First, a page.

Cultural diversity is less apparent at a glance in many places around the Cities, but it's there (and increasing). And of course, liking - or at least tolerating - the winter weather really helps there, but it's comparable to Montreal (mentioned above) in that regard and actually gets quite hot in the summertime.
posted by Austenite at 7:15 PM on December 14, 2013


Just throwing this out there since I've lived in DC, Richmond, and now Minneapolis. Of the three you couldn't go wrong with either Richmond or Minneapolis if you're looking for a family friendly environment with tons of green space and a good work-life balance. If cold weather isn't an issue (and being hours from other large metro areas) definitely give the Twin Cities consideration. Great schools, great work-life balance, TONS of green space, fabulous coops, and a robust economy. Richmond, while smaller and a bit more "southern", is a really great option if you're looking for a family friendly East Coast city that's not part of the BOS-WAS 95 corridor.

I don't know your financial situation, but raising a family in DC is going to be very expensive if you want to live in or really close to the District (read: north Arlington, Bethesda, Falls Church). If you don't want to take on a sizable mortgage (think $650K+) you're going to be looking at dealing with really bad traffic daily and bland surroundings in the true suburbs in Fairfax County or Montgomery County. You can make really good money in DC but, as a result of permanent housing inventory shortages, you're going to be paying a real premium for housing that you really only find in SF, LA, and NYC. Obviously if you're wealthy and have deep pockets this isn't an issue, but it is something to keep in mind.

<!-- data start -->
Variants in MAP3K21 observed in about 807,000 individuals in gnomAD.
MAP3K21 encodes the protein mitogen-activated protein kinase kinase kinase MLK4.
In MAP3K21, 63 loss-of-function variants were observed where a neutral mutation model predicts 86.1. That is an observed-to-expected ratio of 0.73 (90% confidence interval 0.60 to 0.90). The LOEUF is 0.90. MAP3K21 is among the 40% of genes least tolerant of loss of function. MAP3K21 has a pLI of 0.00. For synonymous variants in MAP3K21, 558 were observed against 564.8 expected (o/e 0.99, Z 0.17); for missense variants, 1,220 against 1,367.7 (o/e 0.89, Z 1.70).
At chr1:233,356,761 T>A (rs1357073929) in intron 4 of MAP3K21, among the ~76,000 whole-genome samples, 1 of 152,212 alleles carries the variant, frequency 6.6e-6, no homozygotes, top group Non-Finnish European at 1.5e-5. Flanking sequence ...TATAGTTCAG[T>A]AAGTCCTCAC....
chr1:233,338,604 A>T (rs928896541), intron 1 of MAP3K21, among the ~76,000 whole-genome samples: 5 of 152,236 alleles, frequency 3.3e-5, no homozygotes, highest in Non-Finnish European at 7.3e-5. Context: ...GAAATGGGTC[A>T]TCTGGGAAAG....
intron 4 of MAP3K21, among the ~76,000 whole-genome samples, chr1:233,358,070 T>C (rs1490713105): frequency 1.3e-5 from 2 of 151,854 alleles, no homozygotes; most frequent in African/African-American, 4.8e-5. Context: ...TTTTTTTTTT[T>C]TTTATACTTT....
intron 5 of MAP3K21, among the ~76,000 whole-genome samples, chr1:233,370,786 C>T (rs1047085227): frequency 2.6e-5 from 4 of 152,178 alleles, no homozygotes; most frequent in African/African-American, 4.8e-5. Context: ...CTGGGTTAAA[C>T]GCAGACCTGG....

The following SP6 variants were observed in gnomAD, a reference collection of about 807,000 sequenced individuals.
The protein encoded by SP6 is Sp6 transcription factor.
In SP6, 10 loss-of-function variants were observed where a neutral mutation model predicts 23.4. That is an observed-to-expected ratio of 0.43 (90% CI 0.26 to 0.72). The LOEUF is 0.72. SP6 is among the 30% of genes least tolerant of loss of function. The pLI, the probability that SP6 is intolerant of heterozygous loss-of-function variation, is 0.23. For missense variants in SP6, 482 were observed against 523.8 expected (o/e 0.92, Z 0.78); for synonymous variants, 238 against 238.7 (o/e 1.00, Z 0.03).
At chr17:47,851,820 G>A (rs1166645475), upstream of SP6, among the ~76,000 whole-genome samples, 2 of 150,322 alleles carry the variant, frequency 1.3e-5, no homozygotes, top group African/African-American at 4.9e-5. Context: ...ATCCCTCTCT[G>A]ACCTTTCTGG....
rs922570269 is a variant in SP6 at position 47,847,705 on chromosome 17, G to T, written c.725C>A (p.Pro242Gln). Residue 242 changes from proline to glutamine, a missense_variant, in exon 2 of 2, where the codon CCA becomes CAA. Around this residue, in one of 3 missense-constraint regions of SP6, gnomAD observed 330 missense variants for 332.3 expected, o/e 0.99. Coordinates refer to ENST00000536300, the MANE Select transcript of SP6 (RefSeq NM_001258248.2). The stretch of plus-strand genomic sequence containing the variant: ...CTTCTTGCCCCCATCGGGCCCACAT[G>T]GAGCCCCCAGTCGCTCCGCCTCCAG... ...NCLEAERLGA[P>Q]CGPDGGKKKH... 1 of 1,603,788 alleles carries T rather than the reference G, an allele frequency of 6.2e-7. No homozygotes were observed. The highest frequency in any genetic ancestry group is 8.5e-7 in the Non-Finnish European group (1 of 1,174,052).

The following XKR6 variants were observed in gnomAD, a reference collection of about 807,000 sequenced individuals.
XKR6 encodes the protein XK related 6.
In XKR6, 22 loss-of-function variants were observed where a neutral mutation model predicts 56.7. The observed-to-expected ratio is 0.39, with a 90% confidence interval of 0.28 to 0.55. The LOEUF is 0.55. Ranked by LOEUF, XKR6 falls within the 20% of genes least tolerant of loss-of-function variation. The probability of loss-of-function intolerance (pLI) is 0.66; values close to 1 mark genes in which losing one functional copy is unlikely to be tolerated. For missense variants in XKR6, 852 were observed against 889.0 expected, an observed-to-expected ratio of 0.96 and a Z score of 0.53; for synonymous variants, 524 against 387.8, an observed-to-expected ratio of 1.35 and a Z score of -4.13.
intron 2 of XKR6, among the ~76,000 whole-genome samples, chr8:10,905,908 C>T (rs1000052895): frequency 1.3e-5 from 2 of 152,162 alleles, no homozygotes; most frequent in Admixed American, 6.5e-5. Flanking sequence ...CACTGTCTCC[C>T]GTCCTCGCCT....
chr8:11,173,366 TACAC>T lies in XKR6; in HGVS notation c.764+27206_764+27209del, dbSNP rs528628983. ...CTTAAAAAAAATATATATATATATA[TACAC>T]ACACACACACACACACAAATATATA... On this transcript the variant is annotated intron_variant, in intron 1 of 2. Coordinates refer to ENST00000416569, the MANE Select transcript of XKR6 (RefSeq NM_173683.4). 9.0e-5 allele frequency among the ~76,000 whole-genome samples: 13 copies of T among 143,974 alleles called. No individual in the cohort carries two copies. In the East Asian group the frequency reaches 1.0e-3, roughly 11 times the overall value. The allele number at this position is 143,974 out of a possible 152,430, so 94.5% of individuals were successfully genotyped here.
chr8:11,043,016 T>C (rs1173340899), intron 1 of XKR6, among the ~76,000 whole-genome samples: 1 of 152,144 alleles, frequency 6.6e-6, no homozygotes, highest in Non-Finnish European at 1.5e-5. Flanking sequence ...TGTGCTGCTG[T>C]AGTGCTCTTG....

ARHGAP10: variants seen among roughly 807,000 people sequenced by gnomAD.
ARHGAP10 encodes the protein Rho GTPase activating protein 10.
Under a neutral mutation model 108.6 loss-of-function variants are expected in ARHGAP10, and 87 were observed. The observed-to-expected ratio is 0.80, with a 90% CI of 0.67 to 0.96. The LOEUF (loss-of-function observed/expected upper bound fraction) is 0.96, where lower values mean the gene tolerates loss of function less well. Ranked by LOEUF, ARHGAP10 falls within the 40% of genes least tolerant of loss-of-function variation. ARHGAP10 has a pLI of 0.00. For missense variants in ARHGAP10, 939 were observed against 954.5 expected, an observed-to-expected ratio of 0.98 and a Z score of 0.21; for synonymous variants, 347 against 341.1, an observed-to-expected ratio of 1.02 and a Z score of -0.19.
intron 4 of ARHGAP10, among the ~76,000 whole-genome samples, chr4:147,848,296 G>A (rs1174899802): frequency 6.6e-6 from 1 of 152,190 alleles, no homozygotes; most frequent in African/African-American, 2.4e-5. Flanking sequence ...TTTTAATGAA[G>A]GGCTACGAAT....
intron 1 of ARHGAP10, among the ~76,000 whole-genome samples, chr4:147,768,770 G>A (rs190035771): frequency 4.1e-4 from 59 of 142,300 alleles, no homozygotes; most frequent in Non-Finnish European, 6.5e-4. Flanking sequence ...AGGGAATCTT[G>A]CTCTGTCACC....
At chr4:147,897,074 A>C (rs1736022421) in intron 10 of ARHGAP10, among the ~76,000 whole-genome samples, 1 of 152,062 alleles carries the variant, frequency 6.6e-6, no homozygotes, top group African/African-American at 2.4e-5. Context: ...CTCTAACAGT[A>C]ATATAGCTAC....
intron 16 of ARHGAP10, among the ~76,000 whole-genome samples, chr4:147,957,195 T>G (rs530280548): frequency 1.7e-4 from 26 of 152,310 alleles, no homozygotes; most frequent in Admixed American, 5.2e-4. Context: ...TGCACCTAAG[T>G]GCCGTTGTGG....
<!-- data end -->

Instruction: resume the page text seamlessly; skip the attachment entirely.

Another thing to keep in mind is if you're not going to be using a conventional loan and using FHA the ceiling is going to be cut from ~$730K to ~$625K. Here's a WaPo article on the coming mortgage rule changes that go into effect in January. Obviously if you're not planning on using FHA these rules won't have any impact on you, but if you are just keep them in mind.
posted by playertobenamedlater at 6:31 AM on December 16, 2013


Where did you study abroad? Bangkok? Paris? Rio de Janeiro? Jerusalem? Knowing more about what you liked outside of the US could help point to what you'd want inside of the US.
posted by oceanjesse at 7:01 AM on December 16, 2013